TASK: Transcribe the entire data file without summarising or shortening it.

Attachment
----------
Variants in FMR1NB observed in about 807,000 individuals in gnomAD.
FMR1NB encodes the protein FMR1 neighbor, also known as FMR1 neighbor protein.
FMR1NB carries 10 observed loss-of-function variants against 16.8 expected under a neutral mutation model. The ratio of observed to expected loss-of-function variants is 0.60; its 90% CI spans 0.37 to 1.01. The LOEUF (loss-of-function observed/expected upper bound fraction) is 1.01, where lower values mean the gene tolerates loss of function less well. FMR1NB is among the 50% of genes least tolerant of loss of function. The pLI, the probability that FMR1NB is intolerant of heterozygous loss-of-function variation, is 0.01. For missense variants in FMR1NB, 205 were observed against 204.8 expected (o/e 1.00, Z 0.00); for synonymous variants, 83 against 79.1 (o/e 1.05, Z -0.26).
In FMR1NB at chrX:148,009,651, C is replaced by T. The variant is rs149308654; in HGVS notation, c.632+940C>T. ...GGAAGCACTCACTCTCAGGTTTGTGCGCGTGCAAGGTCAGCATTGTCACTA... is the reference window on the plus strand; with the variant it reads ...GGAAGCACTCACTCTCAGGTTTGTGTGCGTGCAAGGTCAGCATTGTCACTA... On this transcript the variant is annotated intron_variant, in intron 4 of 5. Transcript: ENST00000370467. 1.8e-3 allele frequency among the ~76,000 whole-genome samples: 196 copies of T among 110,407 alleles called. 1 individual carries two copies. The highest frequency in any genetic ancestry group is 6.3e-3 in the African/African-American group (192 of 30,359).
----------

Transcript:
Variants in FMR1NB observed in about 807,000 individuals in gnomAD.
FMR1NB encodes the protein FMR1 neighbor, also known as FMR1 neighbor protein.
FMR1NB carries 10 observed loss-of-function variants against 16.8 expected under a neutral mutation model. The ratio of observed to expected loss-of-function variants is 0.60; its 90% CI spans 0.37 to 1.01. The LOEUF (loss-of-function observed/expected upper bound fraction) is 1.01, where lower values mean the gene tolerates loss of function less well. FMR1NB is among the 50% of genes least tolerant of loss of function. The pLI, the probability that FMR1NB is intolerant of heterozygous loss-of-function variation, is 0.01. For missense variants in FMR1NB, 205 were observed against 204.8 expected (o/e 1.00, Z 0.00); for synonymous variants, 83 against 79.1 (o/e 1.05, Z -0.26).
In FMR1NB at chrX:148,009,651, C is replaced by T. The variant is rs149308654; in HGVS notation, c.632+940C>T. ...GGAAGCACTCACTCTCAGGTTTGTGCGCGTGCAAGGTCAGCATTGTCACTA... is the reference window on the plus strand; with the variant it reads ...GGAAGCACTCACTCTCAGGTTTGTGTGCGTGCAAGGTCAGCATTGTCACTA... On this transcript the variant is annotated intron_variant, in intron 4 of 5. Transcript: ENST00000370467. 1.8e-3 allele frequency among the ~76,000 whole-genome samples: 196 copies of T among 110,407 alleles called. 1 individual carries two copies. The highest frequency in any genetic ancestry group is 6.3e-3 in the African/African-American group (192 of 30,359).